- Judge A. Jay Cristol
- Judge Erik P. Kimball
- Judge John K. Olson
- Judge Laurel M. Isicoff
- Judge Raymond B. Ray
- Judge Robert A. Mark
A motion is a typewritten letter to the court, stating the case number, case name, and specifically detailing the action you (the movant) wishes the Court to take.
The following link is to the court’s guidelines to court decorum.
All visitors to the court or clerk’s offices will need to present current, valid, government issued picture identification (drivers license, state identification card, passport, or immigration card) for entry into the buildings. This has been mandated by the Department of Homeland Security for all visitors, including the public conducting personal business. Minors do not have to present picture identification if accompanied by an adult; however, unaccompanied minors must adhere to the rule. Those with no or unacceptable identification must be escorted by a government employee of the building in order to be granted access. Your cooperation and patience are appreciated.
Debtors appearing at their 341 meeting of creditors must also provide current valid government issued picture identification as described above when attending the scheduled meeting.
(1) Prohibited Materials – No weapons (guns, knives or any other item which may be used as a weapon) or electronic devices as set forth in subdivision (3) shall be permitted in the courtroom, chambers and/or other environs of this court. No items may be left unattended in the court environs. Neither the U.S. Marshal’s Service nor the court shall be required to provide storage areas for visitors possessing prohibited items. Visitors to court environs housed in federal buildings shall be required to comply with, and are subject to prosecution for violation of, any existing law, order or other regulation in effect in the respective federal building.
(2) Smoking – Smoking is prohibited in all environs of the court.
(3) Electronic Devices – Electronic devices including but not limited to cameras of any type (including cellular phones which have an integrated camera device), cellular phones, pagers, personal data assistants (PDA), laptop computers, tape recorders, etc., are not permitted on the 14th floor of the Claude Pepper Federal Building in Miami, or any areas of the West Palm Beach court offices or the Ft. Lauderdale courthouse building.
Also, please see the pro se web pages of the United States Courts web site for additional information.
A reaffirmation agreement is an agreement between a chapter 7 debtor and a creditor that the debtor will pay all or a portion of the money owed, even though the debtor has filed bankruptcy. In return, the creditor promises that, as long as payments are made, the creditor will not repossess or take back its collateral. This means that the debtor will remain personally liable on that debt. See also Bankruptcy Basics – The Chapter 7 Discharge.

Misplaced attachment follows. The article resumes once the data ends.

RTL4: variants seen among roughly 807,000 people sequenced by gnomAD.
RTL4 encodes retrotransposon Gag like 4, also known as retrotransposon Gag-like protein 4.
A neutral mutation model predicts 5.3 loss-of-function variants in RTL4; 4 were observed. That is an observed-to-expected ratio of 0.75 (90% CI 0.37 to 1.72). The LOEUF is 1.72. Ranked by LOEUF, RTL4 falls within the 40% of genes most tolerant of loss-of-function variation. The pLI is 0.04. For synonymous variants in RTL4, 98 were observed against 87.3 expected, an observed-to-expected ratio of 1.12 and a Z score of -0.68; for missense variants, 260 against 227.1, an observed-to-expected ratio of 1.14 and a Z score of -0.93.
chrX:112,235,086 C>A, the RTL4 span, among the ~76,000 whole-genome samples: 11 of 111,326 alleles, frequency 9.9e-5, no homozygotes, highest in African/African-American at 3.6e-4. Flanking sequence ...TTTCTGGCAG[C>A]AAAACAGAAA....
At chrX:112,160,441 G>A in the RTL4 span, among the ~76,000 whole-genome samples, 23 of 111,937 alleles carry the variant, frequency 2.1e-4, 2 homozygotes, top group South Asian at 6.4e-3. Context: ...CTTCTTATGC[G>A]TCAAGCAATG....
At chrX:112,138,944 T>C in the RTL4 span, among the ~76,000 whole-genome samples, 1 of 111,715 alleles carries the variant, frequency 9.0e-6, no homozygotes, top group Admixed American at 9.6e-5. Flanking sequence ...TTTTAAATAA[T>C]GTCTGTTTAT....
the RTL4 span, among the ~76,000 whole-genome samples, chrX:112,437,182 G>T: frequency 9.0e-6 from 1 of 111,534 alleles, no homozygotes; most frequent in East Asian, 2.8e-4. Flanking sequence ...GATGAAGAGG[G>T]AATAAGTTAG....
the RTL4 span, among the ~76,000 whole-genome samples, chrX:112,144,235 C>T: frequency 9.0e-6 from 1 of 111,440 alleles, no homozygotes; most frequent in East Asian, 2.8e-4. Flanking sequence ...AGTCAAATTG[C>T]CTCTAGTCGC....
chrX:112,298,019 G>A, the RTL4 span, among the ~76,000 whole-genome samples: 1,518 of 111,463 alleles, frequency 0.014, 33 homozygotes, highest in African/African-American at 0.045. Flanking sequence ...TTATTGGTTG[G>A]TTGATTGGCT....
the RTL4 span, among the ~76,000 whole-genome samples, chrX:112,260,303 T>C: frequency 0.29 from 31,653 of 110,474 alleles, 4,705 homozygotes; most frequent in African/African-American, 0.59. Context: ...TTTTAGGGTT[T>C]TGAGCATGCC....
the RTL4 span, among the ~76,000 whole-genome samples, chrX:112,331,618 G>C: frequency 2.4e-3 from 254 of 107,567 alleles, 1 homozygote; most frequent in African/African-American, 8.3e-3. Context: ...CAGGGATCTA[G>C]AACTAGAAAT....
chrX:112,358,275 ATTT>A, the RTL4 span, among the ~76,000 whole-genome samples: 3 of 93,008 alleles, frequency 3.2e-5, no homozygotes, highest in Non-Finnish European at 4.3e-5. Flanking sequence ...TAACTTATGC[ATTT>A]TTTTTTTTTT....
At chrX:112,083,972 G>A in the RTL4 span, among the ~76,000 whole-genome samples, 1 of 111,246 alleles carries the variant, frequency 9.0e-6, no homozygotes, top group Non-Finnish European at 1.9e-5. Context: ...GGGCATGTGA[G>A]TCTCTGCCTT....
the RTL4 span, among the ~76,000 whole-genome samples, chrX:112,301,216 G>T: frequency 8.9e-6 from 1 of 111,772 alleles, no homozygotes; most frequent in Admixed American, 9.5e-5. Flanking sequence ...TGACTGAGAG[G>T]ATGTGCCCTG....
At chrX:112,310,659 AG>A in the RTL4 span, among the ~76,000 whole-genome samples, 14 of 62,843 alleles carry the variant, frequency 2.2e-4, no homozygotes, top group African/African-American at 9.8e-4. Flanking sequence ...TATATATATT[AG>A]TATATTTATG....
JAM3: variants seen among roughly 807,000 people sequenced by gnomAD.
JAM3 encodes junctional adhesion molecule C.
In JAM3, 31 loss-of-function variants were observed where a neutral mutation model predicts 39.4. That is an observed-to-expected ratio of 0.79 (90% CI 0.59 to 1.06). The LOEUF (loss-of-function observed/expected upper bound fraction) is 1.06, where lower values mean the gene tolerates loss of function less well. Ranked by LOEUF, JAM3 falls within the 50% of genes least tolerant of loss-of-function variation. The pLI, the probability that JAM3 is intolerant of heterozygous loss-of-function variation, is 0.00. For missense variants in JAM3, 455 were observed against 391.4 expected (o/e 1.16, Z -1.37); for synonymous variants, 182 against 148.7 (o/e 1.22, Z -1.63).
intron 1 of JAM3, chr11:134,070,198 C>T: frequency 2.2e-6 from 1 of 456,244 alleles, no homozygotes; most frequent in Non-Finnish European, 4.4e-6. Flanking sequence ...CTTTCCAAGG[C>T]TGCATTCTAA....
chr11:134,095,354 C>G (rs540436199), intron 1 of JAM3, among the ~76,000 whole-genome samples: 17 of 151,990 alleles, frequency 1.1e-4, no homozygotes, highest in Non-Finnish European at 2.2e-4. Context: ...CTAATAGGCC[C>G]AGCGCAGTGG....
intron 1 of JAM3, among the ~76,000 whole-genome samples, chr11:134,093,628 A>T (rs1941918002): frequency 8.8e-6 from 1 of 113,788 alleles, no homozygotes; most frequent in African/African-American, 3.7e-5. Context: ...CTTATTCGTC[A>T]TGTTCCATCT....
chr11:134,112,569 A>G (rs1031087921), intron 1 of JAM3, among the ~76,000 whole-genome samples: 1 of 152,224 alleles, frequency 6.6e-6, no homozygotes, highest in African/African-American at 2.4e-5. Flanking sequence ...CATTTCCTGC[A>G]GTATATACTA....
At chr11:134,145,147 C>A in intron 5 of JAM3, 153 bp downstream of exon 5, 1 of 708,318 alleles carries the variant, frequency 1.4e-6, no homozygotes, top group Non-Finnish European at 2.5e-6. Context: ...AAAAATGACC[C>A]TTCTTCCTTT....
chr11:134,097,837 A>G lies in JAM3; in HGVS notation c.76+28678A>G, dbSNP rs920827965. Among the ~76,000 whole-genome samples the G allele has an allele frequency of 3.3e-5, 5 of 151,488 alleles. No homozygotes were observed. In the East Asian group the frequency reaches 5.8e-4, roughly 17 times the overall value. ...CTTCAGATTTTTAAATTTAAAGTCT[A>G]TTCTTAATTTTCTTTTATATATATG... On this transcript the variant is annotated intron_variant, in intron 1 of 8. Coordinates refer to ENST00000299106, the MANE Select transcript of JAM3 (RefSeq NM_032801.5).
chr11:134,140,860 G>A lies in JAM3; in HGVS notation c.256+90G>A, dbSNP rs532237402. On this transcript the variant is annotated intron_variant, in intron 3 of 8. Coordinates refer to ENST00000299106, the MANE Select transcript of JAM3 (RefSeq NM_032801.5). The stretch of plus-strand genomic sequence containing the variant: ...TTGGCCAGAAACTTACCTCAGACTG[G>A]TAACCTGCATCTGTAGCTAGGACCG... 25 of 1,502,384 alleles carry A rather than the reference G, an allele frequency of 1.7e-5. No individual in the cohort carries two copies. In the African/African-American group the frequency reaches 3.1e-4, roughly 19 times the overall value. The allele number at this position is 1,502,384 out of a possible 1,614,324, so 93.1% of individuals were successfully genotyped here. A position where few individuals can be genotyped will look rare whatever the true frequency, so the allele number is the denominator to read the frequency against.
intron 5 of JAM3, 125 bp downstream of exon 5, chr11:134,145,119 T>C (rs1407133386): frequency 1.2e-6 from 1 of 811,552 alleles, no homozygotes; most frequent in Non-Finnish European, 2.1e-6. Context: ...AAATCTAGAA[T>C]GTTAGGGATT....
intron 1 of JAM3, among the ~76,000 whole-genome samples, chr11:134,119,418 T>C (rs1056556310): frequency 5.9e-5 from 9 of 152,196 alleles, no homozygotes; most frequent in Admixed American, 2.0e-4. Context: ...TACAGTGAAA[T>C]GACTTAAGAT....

Local Rule 4008-1 sets forth requirements for reaffirmation agreements in this court. Usually the filing of a reaffirmation agreement doesn’t require any notice, hearing or order, unless
a. The debtor is not represented by an attorney in his or her bankruptcy case (but if you have a lawyer and he or she doesn’t sign your reaffirmation agreement the court will set a hearing);
b. The reaffirmation agreement shows that the debtor’s expenses are larger than the debtor’s income and the court decides a hearing is necessary. If the reaffirmation agreement does not include the required explanation why the debtor feels he or she can make the payments the court will usually set the matter for a hearing.
An attorney who files a petition on behalf of a debtor must also represent the debtor during the negotiation and filing of any reaffirmation agreement, whether or not the attorney has charged the debtor a fee that includes representation for the reaffirmation. Further, the attorney must appear at any hearings set on the reaffirmation agreement. Reaffirmation agreements must contain the original (scanned) signatures of all required parties (the debtor(s), the creditor and, if the debtor is represented by a lawyer, the lawyer). If the reaffirmation agreement is missing any of the required information or signatures, it is possible the court will not approve the reaffirmation agreement or the court will set a hearing.
Reaffirmation Agreements filed in pro se debtor cases (meaning the debtor is not represented by an attorney) will always be scheduled for a hearing to make sure the debtor understands what are the consequences of a reaffirmation agreement, that the agreement is voluntary, and to determine whether the debtor has the ability to maintain payments on the debt being reaffirmed and/or whether the reaffirmation agreement is in the debtor’s best interest.
All judges permit debtors appearing pro se to appear by telephone for hearings on reaffirmation agreements. Please check the assigned judge’s web page for additional information regarding telephonic appearances.
Reaffirmation Agreements must be filed using the Administrative Office of the U.S. Courts Director’s Forms which may be obtained on the court’s website under the tab Administrative Orders, Local Rules, Forms, Guidelines/Administrative Office Director’s Forms. Forms may also be obtained at http://www.uscourts.gov/FormsAndFees/Forms/BankruptcyForms.aspx